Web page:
Object of the bail is to secure the attendance of the accused in the trial and the proper test to be applied in the solution of the question whether bail should be granted or refused is whether it is probable that the party will appear to take his trial. Otherwise, bail is not to be withheld as a punishment. Otherwise also, normal rule is of bail and not jail. Court has to keep in mind nature of accusations, nature of evidence in support thereof, severity of the punishment which conviction will entail, character of the accused, circumstances which are peculiar to the accused involved in that crime.

Recently, the Hon'ble Apex Court in case of Dataram Singh v. State of Uttar Pradesh & Anr., has categorically held that, freedom of an individual is of utmost importance and same cannot be curtailed merely on the basis of suspicion. Hon'ble Apex Court has further held that, till the time guilt of the accused is not proved in accordance with law, he is deemed to be innocent.

The Hon'ble Apex Court in Prasanta Kumar Sarkar v. Ashis Chatterjee and Another, has laid down the following principles to be kept in mind, while deciding petition for bail: (i) whether there is any prima facie or reasonable ground to believe that the accused had committed the offence; (ii) nature and gravity of the accusation; (iii) severity of the punishment in the event of conviction; (iv) danger of the accused absconding or fleeing, if released on bail; (v) character, behaviour, means, position and standing of the accused; (vi) likelihood of the offence being repeated; (vii) reasonable apprehension of the witnesses being influenced; and (viii) danger, of course, of justice being thwarted by grant of bail.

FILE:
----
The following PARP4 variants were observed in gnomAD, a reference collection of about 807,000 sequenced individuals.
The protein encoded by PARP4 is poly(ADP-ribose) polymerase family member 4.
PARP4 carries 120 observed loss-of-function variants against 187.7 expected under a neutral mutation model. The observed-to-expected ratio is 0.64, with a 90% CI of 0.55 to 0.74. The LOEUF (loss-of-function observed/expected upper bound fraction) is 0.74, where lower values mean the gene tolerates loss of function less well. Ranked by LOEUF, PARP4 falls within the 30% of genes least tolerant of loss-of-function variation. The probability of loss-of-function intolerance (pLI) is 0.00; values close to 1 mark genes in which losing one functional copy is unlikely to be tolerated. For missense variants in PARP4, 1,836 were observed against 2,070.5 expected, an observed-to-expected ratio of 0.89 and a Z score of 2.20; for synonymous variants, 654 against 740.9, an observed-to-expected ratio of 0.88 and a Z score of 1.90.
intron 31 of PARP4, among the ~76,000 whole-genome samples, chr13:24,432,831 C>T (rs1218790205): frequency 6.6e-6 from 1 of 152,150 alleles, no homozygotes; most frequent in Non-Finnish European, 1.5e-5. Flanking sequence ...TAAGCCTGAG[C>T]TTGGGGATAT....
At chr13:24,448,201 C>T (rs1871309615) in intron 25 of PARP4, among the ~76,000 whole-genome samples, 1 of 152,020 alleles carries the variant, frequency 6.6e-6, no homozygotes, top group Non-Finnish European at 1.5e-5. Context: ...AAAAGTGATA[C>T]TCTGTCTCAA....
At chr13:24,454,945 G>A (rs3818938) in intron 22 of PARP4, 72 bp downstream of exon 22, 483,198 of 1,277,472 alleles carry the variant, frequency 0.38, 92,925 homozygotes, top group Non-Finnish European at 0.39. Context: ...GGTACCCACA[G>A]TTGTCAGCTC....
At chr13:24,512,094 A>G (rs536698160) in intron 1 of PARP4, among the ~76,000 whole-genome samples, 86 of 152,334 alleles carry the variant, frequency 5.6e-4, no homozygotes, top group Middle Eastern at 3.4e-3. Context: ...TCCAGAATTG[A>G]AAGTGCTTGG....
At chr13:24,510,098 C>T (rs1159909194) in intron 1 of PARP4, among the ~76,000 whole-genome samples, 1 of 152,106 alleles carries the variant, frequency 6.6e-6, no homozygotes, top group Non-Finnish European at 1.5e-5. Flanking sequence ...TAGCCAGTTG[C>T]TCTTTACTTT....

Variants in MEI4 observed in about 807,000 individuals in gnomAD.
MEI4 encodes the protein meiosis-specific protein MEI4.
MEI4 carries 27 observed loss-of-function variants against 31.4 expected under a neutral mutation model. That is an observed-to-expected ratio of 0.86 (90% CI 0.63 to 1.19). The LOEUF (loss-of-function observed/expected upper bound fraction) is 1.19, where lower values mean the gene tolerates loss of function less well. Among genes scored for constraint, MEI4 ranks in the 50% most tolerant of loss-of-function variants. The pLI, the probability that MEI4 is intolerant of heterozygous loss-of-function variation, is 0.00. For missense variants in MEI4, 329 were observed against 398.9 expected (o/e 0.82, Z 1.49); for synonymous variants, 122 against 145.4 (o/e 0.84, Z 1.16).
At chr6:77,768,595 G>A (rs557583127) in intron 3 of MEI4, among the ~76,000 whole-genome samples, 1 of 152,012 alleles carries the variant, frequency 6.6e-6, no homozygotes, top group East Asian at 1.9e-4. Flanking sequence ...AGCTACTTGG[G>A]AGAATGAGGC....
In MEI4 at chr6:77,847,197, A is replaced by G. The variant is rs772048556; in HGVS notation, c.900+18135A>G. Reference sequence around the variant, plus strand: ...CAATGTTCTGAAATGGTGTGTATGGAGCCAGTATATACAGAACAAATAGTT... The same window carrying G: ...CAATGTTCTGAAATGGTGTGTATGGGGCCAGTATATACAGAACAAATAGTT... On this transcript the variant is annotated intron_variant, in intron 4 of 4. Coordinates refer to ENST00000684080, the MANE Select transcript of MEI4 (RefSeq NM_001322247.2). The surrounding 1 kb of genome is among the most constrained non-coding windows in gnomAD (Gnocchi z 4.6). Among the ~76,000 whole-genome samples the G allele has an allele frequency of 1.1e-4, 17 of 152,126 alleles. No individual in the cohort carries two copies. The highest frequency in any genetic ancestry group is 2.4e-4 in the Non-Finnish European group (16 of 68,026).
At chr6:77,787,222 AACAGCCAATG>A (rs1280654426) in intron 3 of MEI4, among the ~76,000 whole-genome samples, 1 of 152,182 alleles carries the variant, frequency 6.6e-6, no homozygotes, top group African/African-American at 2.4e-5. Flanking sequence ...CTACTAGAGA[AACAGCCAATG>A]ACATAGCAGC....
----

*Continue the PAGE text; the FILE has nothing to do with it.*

Order dated 6th March, 2018 passed by this Court, is made absolute, subject to the conditions that, he shall make himself available for the purpose of interrogation, if so required and regularly attend the trial Court on each and every date of hearing and if prevented by any reason to do so, seek exemption from appearance by filing appropriate application; He shall not tamper with the prosecution evidence nor hamper the investigation of the case in any manner whatsoever; He shall not make any inducement, threat or promises to any person acquainted with the facts of the case so as to dissuade him from disclosing such facts to the Court or the Police Officer; and He shall not leave the territory of India without the prior permission of the Court. It is clarified that if the petitioner misuses his liberty or violates any of the conditions imposed upon him, the investigating agency shall be free to move this Court for cancellation of the bail. The bail petition stands disposed of accordingly.


Dataram Singh v. State of Uttar Pradesh & Anr., Prasanta Kumar Sarkar v. Ashis Chatterjee and Another MANU/SC/0916/2010
: (2010) 14 SCC 496

Tags : FIR Pre-arrest bail Grant